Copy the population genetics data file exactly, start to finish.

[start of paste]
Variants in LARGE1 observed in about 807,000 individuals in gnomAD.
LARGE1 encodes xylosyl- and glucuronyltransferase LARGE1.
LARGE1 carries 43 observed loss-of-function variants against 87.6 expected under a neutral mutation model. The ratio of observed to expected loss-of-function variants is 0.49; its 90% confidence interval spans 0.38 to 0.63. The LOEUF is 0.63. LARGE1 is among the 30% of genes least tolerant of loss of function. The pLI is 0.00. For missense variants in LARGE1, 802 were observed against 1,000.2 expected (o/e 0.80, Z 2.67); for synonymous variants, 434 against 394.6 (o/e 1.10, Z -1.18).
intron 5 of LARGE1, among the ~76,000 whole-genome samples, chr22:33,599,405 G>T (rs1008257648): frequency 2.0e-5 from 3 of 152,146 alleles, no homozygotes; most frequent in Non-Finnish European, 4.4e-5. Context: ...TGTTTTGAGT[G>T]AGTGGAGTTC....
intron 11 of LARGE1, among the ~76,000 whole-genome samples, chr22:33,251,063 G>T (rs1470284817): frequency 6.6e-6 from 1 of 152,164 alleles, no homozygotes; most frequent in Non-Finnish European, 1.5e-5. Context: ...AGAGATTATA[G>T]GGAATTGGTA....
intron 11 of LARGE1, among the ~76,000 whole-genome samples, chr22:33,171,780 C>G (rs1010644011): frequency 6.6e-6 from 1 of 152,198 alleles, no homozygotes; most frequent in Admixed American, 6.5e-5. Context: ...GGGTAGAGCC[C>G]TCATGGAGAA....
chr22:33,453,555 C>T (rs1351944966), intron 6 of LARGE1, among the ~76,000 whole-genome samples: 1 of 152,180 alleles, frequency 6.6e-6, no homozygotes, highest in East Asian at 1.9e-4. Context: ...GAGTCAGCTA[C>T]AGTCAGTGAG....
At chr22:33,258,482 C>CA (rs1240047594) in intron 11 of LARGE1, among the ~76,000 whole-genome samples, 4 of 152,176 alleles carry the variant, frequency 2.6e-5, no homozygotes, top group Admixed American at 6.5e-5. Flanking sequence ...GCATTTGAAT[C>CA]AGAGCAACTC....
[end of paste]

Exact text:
Variants in LARGE1 observed in about 807,000 individuals in gnomAD.
LARGE1 encodes xylosyl- and glucuronyltransferase LARGE1.
LARGE1 carries 43 observed loss-of-function variants against 87.6 expected under a neutral mutation model. The ratio of observed to expected loss-of-function variants is 0.49; its 90% confidence interval spans 0.38 to 0.63. The LOEUF is 0.63. LARGE1 is among the 30% of genes least tolerant of loss of function. The pLI is 0.00. For missense variants in LARGE1, 802 were observed against 1,000.2 expected (o/e 0.80, Z 2.67); for synonymous variants, 434 against 394.6 (o/e 1.10, Z -1.18).
intron 5 of LARGE1, among the ~76,000 whole-genome samples, chr22:33,599,405 G>T (rs1008257648): frequency 2.0e-5 from 3 of 152,146 alleles, no homozygotes; most frequent in Non-Finnish European, 4.4e-5. Context: ...TGTTTTGAGT[G>T]AGTGGAGTTC....
intron 11 of LARGE1, among the ~76,000 whole-genome samples, chr22:33,251,063 G>T (rs1470284817): frequency 6.6e-6 from 1 of 152,164 alleles, no homozygotes; most frequent in Non-Finnish European, 1.5e-5. Context: ...AGAGATTATA[G>T]GGAATTGGTA....
intron 11 of LARGE1, among the ~76,000 whole-genome samples, chr22:33,171,780 C>G (rs1010644011): frequency 6.6e-6 from 1 of 152,198 alleles, no homozygotes; most frequent in Admixed American, 6.5e-5. Context: ...GGGTAGAGCC[C>G]TCATGGAGAA....
chr22:33,453,555 C>T (rs1351944966), intron 6 of LARGE1, among the ~76,000 whole-genome samples: 1 of 152,180 alleles, frequency 6.6e-6, no homozygotes, highest in East Asian at 1.9e-4. Context: ...GAGTCAGCTA[C>T]AGTCAGTGAG....
At chr22:33,258,482 C>CA (rs1240047594) in intron 11 of LARGE1, among the ~76,000 whole-genome samples, 4 of 152,176 alleles carry the variant, frequency 2.6e-5, no homozygotes, top group Admixed American at 6.5e-5. Flanking sequence ...GCATTTGAAT[C>CA]AGAGCAACTC....